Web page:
Communalism, democracy and Indian capitalism


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EVEN well into the 1980s, most social scientists in India would continue to associate communal politics with the backwaters of small town India, viewing it as an anti-modern mentality emanating from trading and high caste communities in India’s hinterland who felt threatened by the levelling forces of modern capital and popular democracy. The demographic and geographic basis of the RSS and the Jana Sangh at the time seemed to support this analysis. So did the critique of industry, consumption and the immoral fetishization of technology one found in both contemporary ideologues and in the writings of M.S. Golwalkar and Deendayal Upadhyaya, still major ideological heroes to millions of RSS and BJP members.

Fast forward to 2014 where the BJP and ‘Moditva’ have emerged as the preferred vehicles for a new free market driven capitalist consensus, uniting small town banias, aspiring men from the lower castes, and captains of industry around the call for a strong, entrepreneurial and patriotic project India Shining, version 2.0.

How do we explain this transformation? Was the earlier analytical frame foregrounding the provincial anti-modernity of the RSS wrong? Is the BJP’s current articulation of free market capitalism and communal politics exactly what BJP and RSS have always wanted and stood for? I am wary of reverse teleology whereby we engineer the past to explain the contingencies of current outcomes. I am also skeptical of the claims that it is the turn towards liberalization which has brought about the conditions that enabled the victory of BJP’s brand of communal politics.

One should not forget that the structure and presentation of democratic politics changed quite significantly from the late 1980s and several political formations prospered, and declined, under new media and money driven conditions: the lower caste parties across North India, the BJP, regional parties, the new Congress welfare policies in the 2000s, to mention the most obvious. Let me instead explore some of the underlying tensions between Hindu majoritarian politics, popular democracy and the structure of capitalism in India.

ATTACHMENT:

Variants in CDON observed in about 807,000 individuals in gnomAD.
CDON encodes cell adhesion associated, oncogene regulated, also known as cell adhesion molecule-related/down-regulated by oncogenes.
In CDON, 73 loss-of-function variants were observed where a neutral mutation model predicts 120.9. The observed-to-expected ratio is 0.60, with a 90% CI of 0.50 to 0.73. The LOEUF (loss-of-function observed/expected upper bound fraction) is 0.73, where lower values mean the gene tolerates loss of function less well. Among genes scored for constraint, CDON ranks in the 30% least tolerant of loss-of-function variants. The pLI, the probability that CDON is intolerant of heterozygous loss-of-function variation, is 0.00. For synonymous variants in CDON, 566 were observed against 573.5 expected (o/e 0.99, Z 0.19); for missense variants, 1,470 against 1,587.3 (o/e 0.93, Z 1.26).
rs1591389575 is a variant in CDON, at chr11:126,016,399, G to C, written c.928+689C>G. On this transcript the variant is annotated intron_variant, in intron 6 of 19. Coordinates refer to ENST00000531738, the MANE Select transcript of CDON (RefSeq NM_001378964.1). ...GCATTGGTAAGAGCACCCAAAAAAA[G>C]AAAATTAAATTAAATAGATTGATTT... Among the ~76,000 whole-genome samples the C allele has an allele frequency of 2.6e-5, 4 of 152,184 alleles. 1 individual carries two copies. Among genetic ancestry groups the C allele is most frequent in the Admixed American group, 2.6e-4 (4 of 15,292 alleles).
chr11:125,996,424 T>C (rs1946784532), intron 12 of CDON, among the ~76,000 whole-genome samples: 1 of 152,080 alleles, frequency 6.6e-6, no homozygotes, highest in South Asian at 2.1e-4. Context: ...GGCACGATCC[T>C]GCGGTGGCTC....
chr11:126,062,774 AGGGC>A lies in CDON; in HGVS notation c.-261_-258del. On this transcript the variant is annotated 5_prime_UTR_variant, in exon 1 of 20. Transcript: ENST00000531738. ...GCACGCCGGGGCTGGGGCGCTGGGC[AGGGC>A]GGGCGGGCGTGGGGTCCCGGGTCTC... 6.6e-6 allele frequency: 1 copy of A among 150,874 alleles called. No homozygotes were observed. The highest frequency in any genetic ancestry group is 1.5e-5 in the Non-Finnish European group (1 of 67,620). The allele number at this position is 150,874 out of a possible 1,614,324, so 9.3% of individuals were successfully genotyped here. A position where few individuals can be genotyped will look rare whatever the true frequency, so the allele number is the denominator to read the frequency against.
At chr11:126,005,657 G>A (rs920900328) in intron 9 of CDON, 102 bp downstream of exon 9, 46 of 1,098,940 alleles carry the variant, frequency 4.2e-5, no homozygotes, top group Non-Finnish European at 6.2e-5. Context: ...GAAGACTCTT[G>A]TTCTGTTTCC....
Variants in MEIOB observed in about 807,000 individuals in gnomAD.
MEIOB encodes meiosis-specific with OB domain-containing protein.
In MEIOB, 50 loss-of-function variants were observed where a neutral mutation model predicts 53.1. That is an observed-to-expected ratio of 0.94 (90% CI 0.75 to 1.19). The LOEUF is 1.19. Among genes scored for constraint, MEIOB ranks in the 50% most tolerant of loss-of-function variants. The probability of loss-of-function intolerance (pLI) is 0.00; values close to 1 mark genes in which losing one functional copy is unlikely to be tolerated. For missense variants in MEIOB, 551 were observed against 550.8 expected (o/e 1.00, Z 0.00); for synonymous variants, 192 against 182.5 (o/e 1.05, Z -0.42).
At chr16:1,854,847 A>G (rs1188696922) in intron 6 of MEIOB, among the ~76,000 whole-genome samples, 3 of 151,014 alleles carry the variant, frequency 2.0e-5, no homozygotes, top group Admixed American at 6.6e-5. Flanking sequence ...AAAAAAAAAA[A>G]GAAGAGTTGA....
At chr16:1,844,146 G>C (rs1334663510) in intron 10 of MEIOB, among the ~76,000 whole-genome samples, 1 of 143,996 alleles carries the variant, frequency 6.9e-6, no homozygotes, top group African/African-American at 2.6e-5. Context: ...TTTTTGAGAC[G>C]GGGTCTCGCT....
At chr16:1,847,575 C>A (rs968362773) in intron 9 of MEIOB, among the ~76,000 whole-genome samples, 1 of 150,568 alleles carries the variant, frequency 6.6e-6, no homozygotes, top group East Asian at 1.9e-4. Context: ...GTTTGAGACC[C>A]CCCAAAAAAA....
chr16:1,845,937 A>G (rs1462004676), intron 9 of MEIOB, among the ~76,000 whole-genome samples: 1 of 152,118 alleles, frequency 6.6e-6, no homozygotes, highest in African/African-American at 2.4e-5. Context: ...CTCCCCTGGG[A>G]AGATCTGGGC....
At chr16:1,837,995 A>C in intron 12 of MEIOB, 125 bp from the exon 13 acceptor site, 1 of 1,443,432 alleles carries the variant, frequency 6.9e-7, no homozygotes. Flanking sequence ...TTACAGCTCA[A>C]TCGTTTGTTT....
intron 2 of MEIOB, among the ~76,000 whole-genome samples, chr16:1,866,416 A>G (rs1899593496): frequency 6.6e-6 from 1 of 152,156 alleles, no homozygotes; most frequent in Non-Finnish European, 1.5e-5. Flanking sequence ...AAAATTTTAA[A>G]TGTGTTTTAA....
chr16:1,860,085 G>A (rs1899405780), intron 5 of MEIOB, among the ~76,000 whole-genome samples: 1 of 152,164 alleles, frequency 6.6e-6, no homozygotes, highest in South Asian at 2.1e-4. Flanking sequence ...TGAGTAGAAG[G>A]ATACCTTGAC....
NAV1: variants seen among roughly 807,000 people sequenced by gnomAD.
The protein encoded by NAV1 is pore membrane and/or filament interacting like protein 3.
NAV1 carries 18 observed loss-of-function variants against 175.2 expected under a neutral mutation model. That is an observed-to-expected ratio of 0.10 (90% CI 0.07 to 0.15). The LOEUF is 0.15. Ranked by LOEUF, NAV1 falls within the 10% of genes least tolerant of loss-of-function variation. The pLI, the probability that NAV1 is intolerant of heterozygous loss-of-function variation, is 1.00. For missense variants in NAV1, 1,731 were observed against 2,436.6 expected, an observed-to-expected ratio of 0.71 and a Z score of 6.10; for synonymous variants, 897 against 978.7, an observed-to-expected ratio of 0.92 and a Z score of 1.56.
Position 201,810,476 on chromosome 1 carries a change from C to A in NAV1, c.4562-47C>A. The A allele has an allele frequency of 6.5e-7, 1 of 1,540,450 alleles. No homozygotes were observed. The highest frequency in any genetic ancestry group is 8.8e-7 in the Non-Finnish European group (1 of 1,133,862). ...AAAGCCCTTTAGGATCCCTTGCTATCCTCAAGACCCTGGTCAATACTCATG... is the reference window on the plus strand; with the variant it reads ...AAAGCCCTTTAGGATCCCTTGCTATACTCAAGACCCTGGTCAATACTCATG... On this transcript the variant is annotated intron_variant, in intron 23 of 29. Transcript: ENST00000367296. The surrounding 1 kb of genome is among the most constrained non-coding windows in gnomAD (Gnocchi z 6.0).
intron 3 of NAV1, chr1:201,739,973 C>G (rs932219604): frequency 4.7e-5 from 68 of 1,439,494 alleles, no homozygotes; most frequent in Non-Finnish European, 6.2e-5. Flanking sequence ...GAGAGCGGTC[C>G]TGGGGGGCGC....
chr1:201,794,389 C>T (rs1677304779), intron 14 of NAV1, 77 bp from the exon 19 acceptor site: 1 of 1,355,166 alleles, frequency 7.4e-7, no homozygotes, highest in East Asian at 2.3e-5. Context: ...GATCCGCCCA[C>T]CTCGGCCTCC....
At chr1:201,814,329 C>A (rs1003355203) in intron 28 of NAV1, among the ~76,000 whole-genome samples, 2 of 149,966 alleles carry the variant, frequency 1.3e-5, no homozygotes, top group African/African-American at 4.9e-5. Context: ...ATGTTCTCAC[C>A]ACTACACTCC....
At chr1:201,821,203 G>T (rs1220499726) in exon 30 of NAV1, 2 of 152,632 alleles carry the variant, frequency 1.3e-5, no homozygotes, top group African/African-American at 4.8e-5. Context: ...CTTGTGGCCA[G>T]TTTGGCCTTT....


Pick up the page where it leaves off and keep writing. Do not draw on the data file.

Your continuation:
It is well known that the RSS from the outset has had a deeply ambivalent relationship with electoral mass politics. For many decades, the wider Hindu nationalist movement tried to insulate its main project – cultural moulding of a unified Hindu ethos around upper caste ideals – from what RSS leaders saw as the potentially insidious effects of electoral politics, such as corruption, instrumental pragmatism and unsavoury tactical alliances. Those who worked in the Jana Sangh (earlier) and the BJP (now) were supposed to follow the advice of the RSS, stay clean, and never fully indulge in the rough and tumble of politics.

Although the VHP was the main vehicle of the Ramjanmabhoomi campaign, the big change since the early 1990s has been the emergence of the BJP as the predominant branch within the wider movement – such are the forces and imperatives of electoral politics in India that all political and social forces in the country are forced to reckon with. There is no ‘outside to democracy’ as an engine of generating power and forging legitimacy, howsoever short-lived and ephemeral such legitimate power may be. As a cosequence, all social and political groupings must adapt to the political environment and divine what appear to be the most potent and legitimate political languages and themes at any given point in time.